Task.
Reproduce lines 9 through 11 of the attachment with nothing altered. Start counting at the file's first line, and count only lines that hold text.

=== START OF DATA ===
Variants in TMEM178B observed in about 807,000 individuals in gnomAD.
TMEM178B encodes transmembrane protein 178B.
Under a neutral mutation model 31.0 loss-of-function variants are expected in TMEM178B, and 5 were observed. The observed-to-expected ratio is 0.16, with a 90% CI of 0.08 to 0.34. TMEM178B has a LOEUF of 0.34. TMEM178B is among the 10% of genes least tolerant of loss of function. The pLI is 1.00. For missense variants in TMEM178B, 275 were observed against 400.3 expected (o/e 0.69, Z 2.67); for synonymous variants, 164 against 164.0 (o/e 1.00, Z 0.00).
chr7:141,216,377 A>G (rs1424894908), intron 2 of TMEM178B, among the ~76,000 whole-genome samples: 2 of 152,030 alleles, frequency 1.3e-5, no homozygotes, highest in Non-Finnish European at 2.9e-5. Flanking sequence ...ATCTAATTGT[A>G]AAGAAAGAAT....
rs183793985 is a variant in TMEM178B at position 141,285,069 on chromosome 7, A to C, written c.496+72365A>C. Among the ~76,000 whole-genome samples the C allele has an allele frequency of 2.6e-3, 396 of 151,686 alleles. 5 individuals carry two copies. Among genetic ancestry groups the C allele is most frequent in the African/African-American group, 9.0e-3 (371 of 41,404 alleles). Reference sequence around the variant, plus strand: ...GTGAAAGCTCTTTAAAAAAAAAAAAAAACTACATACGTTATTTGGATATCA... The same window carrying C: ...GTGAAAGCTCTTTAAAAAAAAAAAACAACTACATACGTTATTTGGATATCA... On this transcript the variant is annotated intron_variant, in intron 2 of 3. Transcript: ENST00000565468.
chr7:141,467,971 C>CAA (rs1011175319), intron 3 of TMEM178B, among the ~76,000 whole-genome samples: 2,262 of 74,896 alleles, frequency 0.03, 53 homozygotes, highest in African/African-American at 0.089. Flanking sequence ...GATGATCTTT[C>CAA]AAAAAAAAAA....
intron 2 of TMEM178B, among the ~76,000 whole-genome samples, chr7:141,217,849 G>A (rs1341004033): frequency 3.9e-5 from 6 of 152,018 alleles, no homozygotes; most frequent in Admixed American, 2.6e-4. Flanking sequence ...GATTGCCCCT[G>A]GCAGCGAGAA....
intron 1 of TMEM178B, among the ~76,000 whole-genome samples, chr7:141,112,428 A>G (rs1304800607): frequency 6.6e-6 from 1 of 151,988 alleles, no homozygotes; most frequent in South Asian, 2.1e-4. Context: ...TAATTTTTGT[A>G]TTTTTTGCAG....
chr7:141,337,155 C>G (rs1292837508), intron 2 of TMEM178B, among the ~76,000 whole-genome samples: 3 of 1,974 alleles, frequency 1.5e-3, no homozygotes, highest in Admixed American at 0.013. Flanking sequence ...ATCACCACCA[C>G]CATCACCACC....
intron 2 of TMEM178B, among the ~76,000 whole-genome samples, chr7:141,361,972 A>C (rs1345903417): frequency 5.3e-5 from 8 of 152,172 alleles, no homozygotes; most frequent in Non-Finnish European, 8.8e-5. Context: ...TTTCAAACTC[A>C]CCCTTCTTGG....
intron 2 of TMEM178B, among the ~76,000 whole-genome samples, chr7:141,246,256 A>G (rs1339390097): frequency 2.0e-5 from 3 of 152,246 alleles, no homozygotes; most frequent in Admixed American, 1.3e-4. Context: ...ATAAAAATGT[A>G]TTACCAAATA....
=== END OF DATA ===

chr7:141,337,155 C>G (rs1292837508), intron 2 of TMEM178B, among the ~76,000 whole-genome samples: 3 of 1,974 alleles, frequency 1.5e-3, no homozygotes, highest in Admixed American at 0.013. Flanking sequence ...ATCACCACCA[C>G]CATCACCACC....
intron 2 of TMEM178B, among the ~76,000 whole-genome samples, chr7:141,361,972 A>C (rs1345903417): frequency 5.3e-5 from 8 of 152,172 alleles, no homozygotes; most frequent in Non-Finnish European, 8.8e-5. Context: ...TTTCAAACTC[A>C]CCCTTCTTGG....
intron 2 of TMEM178B, among the ~76,000 whole-genome samples, chr7:141,246,256 A>G (rs1339390097): frequency 2.0e-5 from 3 of 152,246 alleles, no homozygotes; most frequent in Admixed American, 1.3e-4. Context: ...ATAAAAATGT[A>G]TTACCAAATA....